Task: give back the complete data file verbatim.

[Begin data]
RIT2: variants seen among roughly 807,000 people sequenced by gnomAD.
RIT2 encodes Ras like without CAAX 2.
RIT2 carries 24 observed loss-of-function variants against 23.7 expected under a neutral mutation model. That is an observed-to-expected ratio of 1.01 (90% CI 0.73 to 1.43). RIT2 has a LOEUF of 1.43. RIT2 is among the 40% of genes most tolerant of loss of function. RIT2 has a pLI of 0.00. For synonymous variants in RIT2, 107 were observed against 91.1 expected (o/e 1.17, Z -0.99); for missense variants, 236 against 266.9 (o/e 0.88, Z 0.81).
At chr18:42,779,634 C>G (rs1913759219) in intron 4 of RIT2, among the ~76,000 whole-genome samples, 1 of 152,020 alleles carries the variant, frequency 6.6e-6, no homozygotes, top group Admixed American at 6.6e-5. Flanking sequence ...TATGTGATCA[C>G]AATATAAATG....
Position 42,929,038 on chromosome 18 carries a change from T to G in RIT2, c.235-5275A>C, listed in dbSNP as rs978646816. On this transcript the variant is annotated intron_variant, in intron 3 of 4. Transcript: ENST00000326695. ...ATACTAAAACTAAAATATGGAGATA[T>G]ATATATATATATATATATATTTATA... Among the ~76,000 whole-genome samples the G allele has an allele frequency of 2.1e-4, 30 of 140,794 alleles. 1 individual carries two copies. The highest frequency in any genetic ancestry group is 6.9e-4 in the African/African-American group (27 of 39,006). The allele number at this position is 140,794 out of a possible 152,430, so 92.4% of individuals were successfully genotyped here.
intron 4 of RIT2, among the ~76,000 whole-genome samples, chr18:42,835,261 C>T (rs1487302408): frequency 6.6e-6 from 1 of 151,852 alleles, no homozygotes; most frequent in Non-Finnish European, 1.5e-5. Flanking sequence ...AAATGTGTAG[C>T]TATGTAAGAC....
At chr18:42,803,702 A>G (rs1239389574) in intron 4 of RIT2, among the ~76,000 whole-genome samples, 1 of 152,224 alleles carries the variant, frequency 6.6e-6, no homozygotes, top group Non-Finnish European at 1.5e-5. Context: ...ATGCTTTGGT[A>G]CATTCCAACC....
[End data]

RIT2: variants seen among roughly 807,000 people sequenced by gnomAD.
RIT2 encodes Ras like without CAAX 2.
RIT2 carries 24 observed loss-of-function variants against 23.7 expected under a neutral mutation model. That is an observed-to-expected ratio of 1.01 (90% CI 0.73 to 1.43). RIT2 has a LOEUF of 1.43. RIT2 is among the 40% of genes most tolerant of loss of function. RIT2 has a pLI of 0.00. For synonymous variants in RIT2, 107 were observed against 91.1 expected (o/e 1.17, Z -0.99); for missense variants, 236 against 266.9 (o/e 0.88, Z 0.81).
At chr18:42,779,634 C>G (rs1913759219) in intron 4 of RIT2, among the ~76,000 whole-genome samples, 1 of 152,020 alleles carries the variant, frequency 6.6e-6, no homozygotes, top group Admixed American at 6.6e-5. Flanking sequence ...TATGTGATCA[C>G]AATATAAATG....
Position 42,929,038 on chromosome 18 carries a change from T to G in RIT2, c.235-5275A>C, listed in dbSNP as rs978646816. On this transcript the variant is annotated intron_variant, in intron 3 of 4. Transcript: ENST00000326695. ...ATACTAAAACTAAAATATGGAGATA[T>G]ATATATATATATATATATATTTATA... Among the ~76,000 whole-genome samples the G allele has an allele frequency of 2.1e-4, 30 of 140,794 alleles. 1 individual carries two copies. The highest frequency in any genetic ancestry group is 6.9e-4 in the African/African-American group (27 of 39,006). The allele number at this position is 140,794 out of a possible 152,430, so 92.4% of individuals were successfully genotyped here.
intron 4 of RIT2, among the ~76,000 whole-genome samples, chr18:42,835,261 C>T (rs1487302408): frequency 6.6e-6 from 1 of 151,852 alleles, no homozygotes; most frequent in Non-Finnish European, 1.5e-5. Flanking sequence ...AAATGTGTAG[C>T]TATGTAAGAC....
At chr18:42,803,702 A>G (rs1239389574) in intron 4 of RIT2, among the ~76,000 whole-genome samples, 1 of 152,224 alleles carries the variant, frequency 6.6e-6, no homozygotes, top group Non-Finnish European at 1.5e-5. Context: ...ATGCTTTGGT[A>G]CATTCCAACC....